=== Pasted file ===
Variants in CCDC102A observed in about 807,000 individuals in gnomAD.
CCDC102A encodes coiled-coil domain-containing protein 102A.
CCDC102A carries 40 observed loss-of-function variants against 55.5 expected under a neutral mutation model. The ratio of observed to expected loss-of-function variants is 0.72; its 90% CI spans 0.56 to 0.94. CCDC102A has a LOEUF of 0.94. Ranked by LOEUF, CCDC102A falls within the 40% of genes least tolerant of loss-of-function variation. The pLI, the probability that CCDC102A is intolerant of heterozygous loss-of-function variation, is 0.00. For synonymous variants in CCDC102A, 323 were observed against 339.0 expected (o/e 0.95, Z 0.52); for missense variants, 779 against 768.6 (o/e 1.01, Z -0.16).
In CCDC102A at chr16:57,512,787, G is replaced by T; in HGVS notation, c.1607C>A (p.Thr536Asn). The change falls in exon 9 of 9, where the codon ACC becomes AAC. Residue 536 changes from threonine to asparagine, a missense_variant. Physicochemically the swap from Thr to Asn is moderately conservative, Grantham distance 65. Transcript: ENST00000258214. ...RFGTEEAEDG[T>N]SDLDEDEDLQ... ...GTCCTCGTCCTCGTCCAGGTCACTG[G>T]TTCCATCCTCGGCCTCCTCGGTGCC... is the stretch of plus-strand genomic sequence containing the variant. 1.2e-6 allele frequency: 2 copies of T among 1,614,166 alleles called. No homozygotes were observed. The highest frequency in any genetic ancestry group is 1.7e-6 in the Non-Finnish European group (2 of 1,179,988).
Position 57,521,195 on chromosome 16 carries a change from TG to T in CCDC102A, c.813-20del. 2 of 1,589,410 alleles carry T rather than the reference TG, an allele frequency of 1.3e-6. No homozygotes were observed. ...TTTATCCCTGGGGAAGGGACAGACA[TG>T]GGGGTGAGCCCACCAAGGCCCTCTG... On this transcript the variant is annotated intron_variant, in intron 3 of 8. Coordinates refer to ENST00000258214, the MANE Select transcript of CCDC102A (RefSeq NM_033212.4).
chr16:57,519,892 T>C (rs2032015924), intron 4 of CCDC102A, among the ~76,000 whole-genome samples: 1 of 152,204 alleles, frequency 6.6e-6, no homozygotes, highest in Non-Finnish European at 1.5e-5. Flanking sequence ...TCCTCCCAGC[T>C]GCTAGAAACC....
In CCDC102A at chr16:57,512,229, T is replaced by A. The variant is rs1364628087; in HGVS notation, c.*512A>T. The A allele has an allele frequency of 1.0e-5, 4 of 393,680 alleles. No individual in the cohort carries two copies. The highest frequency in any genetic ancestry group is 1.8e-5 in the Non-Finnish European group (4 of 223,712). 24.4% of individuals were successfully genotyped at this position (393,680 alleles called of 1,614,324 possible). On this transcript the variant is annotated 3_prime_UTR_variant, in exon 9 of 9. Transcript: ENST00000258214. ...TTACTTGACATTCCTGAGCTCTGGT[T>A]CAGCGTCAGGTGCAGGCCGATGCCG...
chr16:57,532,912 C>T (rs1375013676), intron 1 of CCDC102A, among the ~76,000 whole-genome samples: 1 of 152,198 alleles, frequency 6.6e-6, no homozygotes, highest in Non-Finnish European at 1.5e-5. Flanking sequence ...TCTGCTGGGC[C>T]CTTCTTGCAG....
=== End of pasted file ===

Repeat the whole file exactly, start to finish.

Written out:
Variants in CCDC102A observed in about 807,000 individuals in gnomAD.
CCDC102A encodes coiled-coil domain-containing protein 102A.
CCDC102A carries 40 observed loss-of-function variants against 55.5 expected under a neutral mutation model. The ratio of observed to expected loss-of-function variants is 0.72; its 90% CI spans 0.56 to 0.94. CCDC102A has a LOEUF of 0.94. Ranked by LOEUF, CCDC102A falls within the 40% of genes least tolerant of loss-of-function variation. The pLI, the probability that CCDC102A is intolerant of heterozygous loss-of-function variation, is 0.00. For synonymous variants in CCDC102A, 323 were observed against 339.0 expected (o/e 0.95, Z 0.52); for missense variants, 779 against 768.6 (o/e 1.01, Z -0.16).
In CCDC102A at chr16:57,512,787, G is replaced by T; in HGVS notation, c.1607C>A (p.Thr536Asn). The change falls in exon 9 of 9, where the codon ACC becomes AAC. Residue 536 changes from threonine to asparagine, a missense_variant. Physicochemically the swap from Thr to Asn is moderately conservative, Grantham distance 65. Transcript: ENST00000258214. ...RFGTEEAEDG[T>N]SDLDEDEDLQ... ...GTCCTCGTCCTCGTCCAGGTCACTG[G>T]TTCCATCCTCGGCCTCCTCGGTGCC... is the stretch of plus-strand genomic sequence containing the variant. 1.2e-6 allele frequency: 2 copies of T among 1,614,166 alleles called. No homozygotes were observed. The highest frequency in any genetic ancestry group is 1.7e-6 in the Non-Finnish European group (2 of 1,179,988).
Position 57,521,195 on chromosome 16 carries a change from TG to T in CCDC102A, c.813-20del. 2 of 1,589,410 alleles carry T rather than the reference TG, an allele frequency of 1.3e-6. No homozygotes were observed. ...TTTATCCCTGGGGAAGGGACAGACA[TG>T]GGGGTGAGCCCACCAAGGCCCTCTG... On this transcript the variant is annotated intron_variant, in intron 3 of 8. Coordinates refer to ENST00000258214, the MANE Select transcript of CCDC102A (RefSeq NM_033212.4).
chr16:57,519,892 T>C (rs2032015924), intron 4 of CCDC102A, among the ~76,000 whole-genome samples: 1 of 152,204 alleles, frequency 6.6e-6, no homozygotes, highest in Non-Finnish European at 1.5e-5. Flanking sequence ...TCCTCCCAGC[T>C]GCTAGAAACC....
In CCDC102A at chr16:57,512,229, T is replaced by A. The variant is rs1364628087; in HGVS notation, c.*512A>T. The A allele has an allele frequency of 1.0e-5, 4 of 393,680 alleles. No individual in the cohort carries two copies. The highest frequency in any genetic ancestry group is 1.8e-5 in the Non-Finnish European group (4 of 223,712). 24.4% of individuals were successfully genotyped at this position (393,680 alleles called of 1,614,324 possible). On this transcript the variant is annotated 3_prime_UTR_variant, in exon 9 of 9. Transcript: ENST00000258214. ...TTACTTGACATTCCTGAGCTCTGGT[T>A]CAGCGTCAGGTGCAGGCCGATGCCG...
chr16:57,532,912 C>T (rs1375013676), intron 1 of CCDC102A, among the ~76,000 whole-genome samples: 1 of 152,198 alleles, frequency 6.6e-6, no homozygotes, highest in Non-Finnish European at 1.5e-5. Flanking sequence ...TCTGCTGGGC[C>T]CTTCTTGCAG....